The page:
Orison Swett Marden noted that success is not measured by what you accomplish, but by the opposition you have encountered, and the courage with which you have maintained the struggle against overwhelming odds.
And talking about ‘never say never’, (Shakespeare), in Julius Caesar Act 4, Scene 3, 218-224 – Brutus: “There is a tide in the affairs of men. Which, taken at the flood, leads on to fortune. Omitted, all the voyage of their life is bound in shallows and in miseries. On such a full sea are we now afloat, and we must take the current when it serves, or lose our ventures.”
It has been a long and arduous road for Hakainde Hichilema and the UPND to claim victory.
This victory they owe it to the citizens. And if the UPND’s 20 years plus in the opposition was difficult, challenging, what they are about to inherit – take on – makes the past a picnic. Real work – the struggle – begins now. The mess the PF has left behind socially, economically, culturally and otherwise is gigantic. It’s not for the fainthearted – those that want to seek shortcuts. Hakainde’s administration will have to start running from the first day. His team will need to listen and analyse every criticism, pick ideas from everywhere, if they want to succeed. Certainly they can’t afford to take the Patriotic Front’s way of governing.
Given the magnitude of the victory – the burden for delivery becomes heavier. The next aspect to weigh heavily on the new government is the need to swiftly revert to constitutionalism.
At the expense of repeating ourselves, Hakainde is now President of the Republic, a position he has fought for tooth and nail since he came onto the political scene in 2006. You may have made friends and enemies alike along the way. But you are now President of all – those who gave you a vote, those who did not and those who did not vote at all. Millions did not believe in you. Still others believed in you. Others remained unconvinced about giving you support for one reason or the other. You also raised a lot of hopes and promised big to fix the many things, problems that our homeland today faces. You coined or adopted the posture of a fixer. With all these, yours will be a challenging journey. You will be your own maker or breaker.
It is for you to prove your capability and sustain the faith of those that have placed their hope in you, in your leadership. You also have a tremendous task to prove wrong the millions that don’t believe in your leadership by delivering to their satisfaction.
We think you are no stranger to the polarisation in the country. Yours is to prove those that feel you are tribally inclined wrong. All through your leadership of the UPND this far, many branded your outlook as tribal. Those that raised issue with you on this regard are looking at your every move, statement, and action you will take in appointments to government and implementation of development programmes.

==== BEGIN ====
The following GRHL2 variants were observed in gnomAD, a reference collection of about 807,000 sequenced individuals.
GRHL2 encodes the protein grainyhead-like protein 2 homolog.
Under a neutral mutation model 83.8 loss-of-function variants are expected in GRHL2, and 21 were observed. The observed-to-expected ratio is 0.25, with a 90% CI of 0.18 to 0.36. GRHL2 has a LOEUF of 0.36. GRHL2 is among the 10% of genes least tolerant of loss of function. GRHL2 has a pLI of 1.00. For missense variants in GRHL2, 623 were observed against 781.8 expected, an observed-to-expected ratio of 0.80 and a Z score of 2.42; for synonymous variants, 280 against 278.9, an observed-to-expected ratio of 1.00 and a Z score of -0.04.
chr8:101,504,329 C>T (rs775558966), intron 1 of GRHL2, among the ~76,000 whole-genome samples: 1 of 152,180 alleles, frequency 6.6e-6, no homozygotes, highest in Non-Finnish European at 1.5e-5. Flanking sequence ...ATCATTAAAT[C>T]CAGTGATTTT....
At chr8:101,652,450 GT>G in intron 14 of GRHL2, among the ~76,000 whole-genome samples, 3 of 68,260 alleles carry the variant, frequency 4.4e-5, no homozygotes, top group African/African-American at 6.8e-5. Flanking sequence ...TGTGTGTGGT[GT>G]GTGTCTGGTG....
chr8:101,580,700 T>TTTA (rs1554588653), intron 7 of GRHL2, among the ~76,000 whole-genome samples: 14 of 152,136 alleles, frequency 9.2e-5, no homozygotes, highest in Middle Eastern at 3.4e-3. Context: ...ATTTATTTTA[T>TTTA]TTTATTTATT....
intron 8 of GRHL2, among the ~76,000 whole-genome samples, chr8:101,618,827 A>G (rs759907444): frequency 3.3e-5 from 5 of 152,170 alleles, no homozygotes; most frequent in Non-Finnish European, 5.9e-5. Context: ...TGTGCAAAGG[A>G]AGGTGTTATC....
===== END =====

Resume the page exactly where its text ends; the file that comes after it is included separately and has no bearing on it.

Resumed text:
But being President places a demand for inclusion and tribal balancing in your governance. You were a lethal critic of the past administration over skewed appointments to government. You set for yourself standards, from the social sector to fighting corruption, by which you will live, work and be judged. The ball is now squarely in your hands.
You will encounter healthy criticism or scrutiny from the ideologically anchored Socialist Party. And on the other side, capital – petty bourgeois – will preoccupy your administration for obvious reasons. On top of that tenderpreneurs are already lurching – both those who lost out under the PF regime and those who benefited highly – to government contracts and whatever benefits!
It won’t be easy.
But as Thomas Jefferson noted, “Nothing can stop the man with the right mental attitude from achieving his goal; nothing on earth can help the man with the wrong mental attitude.”
No doubt these were bitter elections but it’s time we reset the button.
As Dr Munyonzwe Hamalengwa aptly advised, “The onus to demonstrate civility rests on the victors, no matter how they achieved that victory. The first prong of civility is for the victors not to gloat, boast and embarrass those who did not win. This is obviously counter-intuitive. Humans have a tendency to sneer and gloat and boast and mock those who did not make it. Zambia is a particularly sad example of this. It is shocking for someone like me who had been far away for a long time to find this unfortunate behaviour. The second prong of civility is not to retaliate in any way against those who did not make it. Provable criminality on all persons regardless of their political affiliation is an exception and that must be left in the hands of professional police without any political tint or taint. The third prong of civility is to control and prevent political and party operatives from committing prong one (gloating and boasting and insulting the opposition) and prong two (retaliation). The losing party, its leaders and its cadres must also not create conditions for their victimisation. Accept defeat civilly.”